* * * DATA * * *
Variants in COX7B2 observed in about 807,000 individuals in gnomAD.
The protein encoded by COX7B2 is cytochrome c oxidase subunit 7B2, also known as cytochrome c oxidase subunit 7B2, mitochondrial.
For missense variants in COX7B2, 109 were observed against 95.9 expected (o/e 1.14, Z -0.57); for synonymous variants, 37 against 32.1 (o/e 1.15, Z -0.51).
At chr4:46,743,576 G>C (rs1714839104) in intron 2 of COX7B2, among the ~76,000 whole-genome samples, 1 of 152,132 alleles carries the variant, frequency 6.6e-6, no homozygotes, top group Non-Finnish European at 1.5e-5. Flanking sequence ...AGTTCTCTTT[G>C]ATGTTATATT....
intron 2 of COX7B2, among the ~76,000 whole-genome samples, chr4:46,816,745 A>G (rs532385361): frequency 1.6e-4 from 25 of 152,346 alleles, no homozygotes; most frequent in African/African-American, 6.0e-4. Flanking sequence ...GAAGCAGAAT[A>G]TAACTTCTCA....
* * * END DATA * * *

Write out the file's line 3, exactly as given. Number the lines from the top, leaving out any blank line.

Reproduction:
For missense variants in COX7B2, 109 were observed against 95.9 expected (o/e 1.14, Z -0.57); for synonymous variants, 37 against 32.1 (o/e 1.15, Z -0.51).